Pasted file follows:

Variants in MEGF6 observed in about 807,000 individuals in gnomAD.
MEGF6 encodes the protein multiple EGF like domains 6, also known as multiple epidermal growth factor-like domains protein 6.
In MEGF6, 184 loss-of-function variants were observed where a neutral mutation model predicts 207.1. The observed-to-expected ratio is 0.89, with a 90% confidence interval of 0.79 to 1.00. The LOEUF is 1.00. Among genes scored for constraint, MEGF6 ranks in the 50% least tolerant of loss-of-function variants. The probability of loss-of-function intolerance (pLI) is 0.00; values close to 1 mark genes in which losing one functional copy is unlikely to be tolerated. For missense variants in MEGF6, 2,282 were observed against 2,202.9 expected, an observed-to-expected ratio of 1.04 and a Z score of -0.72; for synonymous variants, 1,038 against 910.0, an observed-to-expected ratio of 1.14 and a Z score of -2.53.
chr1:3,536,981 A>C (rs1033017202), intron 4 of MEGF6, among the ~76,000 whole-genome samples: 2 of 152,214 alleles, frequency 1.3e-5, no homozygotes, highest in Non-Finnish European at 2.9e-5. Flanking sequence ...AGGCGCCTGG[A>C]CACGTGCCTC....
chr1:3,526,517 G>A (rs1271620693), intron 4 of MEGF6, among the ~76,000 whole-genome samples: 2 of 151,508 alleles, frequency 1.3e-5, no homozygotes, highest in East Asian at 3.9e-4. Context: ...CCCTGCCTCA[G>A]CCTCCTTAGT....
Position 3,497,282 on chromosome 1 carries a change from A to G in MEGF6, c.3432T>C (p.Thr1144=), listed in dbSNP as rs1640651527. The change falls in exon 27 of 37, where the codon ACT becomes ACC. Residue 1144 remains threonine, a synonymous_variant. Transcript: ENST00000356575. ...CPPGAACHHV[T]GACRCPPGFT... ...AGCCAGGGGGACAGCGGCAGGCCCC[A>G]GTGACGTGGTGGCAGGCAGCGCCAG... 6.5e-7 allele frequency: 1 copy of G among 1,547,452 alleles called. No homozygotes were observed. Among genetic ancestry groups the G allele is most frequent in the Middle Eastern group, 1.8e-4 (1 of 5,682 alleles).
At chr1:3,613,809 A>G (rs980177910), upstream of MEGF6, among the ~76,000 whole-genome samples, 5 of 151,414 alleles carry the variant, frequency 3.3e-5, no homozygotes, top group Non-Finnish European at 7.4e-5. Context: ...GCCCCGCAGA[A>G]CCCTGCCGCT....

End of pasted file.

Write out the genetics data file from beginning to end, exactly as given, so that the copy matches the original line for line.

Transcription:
Variants in MEGF6 observed in about 807,000 individuals in gnomAD.
MEGF6 encodes the protein multiple EGF like domains 6, also known as multiple epidermal growth factor-like domains protein 6.
In MEGF6, 184 loss-of-function variants were observed where a neutral mutation model predicts 207.1. The observed-to-expected ratio is 0.89, with a 90% confidence interval of 0.79 to 1.00. The LOEUF is 1.00. Among genes scored for constraint, MEGF6 ranks in the 50% least tolerant of loss-of-function variants. The probability of loss-of-function intolerance (pLI) is 0.00; values close to 1 mark genes in which losing one functional copy is unlikely to be tolerated. For missense variants in MEGF6, 2,282 were observed against 2,202.9 expected, an observed-to-expected ratio of 1.04 and a Z score of -0.72; for synonymous variants, 1,038 against 910.0, an observed-to-expected ratio of 1.14 and a Z score of -2.53.
chr1:3,536,981 A>C (rs1033017202), intron 4 of MEGF6, among the ~76,000 whole-genome samples: 2 of 152,214 alleles, frequency 1.3e-5, no homozygotes, highest in Non-Finnish European at 2.9e-5. Flanking sequence ...AGGCGCCTGG[A>C]CACGTGCCTC....
chr1:3,526,517 G>A (rs1271620693), intron 4 of MEGF6, among the ~76,000 whole-genome samples: 2 of 151,508 alleles, frequency 1.3e-5, no homozygotes, highest in East Asian at 3.9e-4. Context: ...CCCTGCCTCA[G>A]CCTCCTTAGT....
Position 3,497,282 on chromosome 1 carries a change from A to G in MEGF6, c.3432T>C (p.Thr1144=), listed in dbSNP as rs1640651527. The change falls in exon 27 of 37, where the codon ACT becomes ACC. Residue 1144 remains threonine, a synonymous_variant. Transcript: ENST00000356575. ...CPPGAACHHV[T]GACRCPPGFT... ...AGCCAGGGGGACAGCGGCAGGCCCC[A>G]GTGACGTGGTGGCAGGCAGCGCCAG... 6.5e-7 allele frequency: 1 copy of G among 1,547,452 alleles called. No homozygotes were observed. Among genetic ancestry groups the G allele is most frequent in the Middle Eastern group, 1.8e-4 (1 of 5,682 alleles).
At chr1:3,613,809 A>G (rs980177910), upstream of MEGF6, among the ~76,000 whole-genome samples, 5 of 151,414 alleles carry the variant, frequency 3.3e-5, no homozygotes, top group Non-Finnish European at 7.4e-5. Context: ...GCCCCGCAGA[A>G]CCCTGCCGCT....